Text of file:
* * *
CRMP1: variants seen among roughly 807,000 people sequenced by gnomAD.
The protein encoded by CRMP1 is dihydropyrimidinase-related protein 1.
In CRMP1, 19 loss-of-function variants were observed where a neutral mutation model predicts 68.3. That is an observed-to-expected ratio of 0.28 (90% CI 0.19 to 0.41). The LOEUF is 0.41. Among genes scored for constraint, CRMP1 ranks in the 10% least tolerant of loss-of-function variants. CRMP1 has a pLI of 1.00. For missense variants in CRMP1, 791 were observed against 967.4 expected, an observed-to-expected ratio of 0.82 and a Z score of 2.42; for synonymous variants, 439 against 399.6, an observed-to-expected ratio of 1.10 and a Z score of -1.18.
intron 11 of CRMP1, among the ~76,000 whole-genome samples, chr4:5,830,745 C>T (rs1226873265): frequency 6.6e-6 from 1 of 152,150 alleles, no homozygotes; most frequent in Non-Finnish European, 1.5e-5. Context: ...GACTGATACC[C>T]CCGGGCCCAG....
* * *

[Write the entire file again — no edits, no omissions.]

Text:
CRMP1: variants seen among roughly 807,000 people sequenced by gnomAD.
The protein encoded by CRMP1 is dihydropyrimidinase-related protein 1.
In CRMP1, 19 loss-of-function variants were observed where a neutral mutation model predicts 68.3. That is an observed-to-expected ratio of 0.28 (90% CI 0.19 to 0.41). The LOEUF is 0.41. Among genes scored for constraint, CRMP1 ranks in the 10% least tolerant of loss-of-function variants. CRMP1 has a pLI of 1.00. For missense variants in CRMP1, 791 were observed against 967.4 expected, an observed-to-expected ratio of 0.82 and a Z score of 2.42; for synonymous variants, 439 against 399.6, an observed-to-expected ratio of 1.10 and a Z score of -1.18.
intron 11 of CRMP1, among the ~76,000 whole-genome samples, chr4:5,830,745 C>T (rs1226873265): frequency 6.6e-6 from 1 of 152,150 alleles, no homozygotes; most frequent in Non-Finnish European, 1.5e-5. Context: ...GACTGATACC[C>T]CCGGGCCCAG....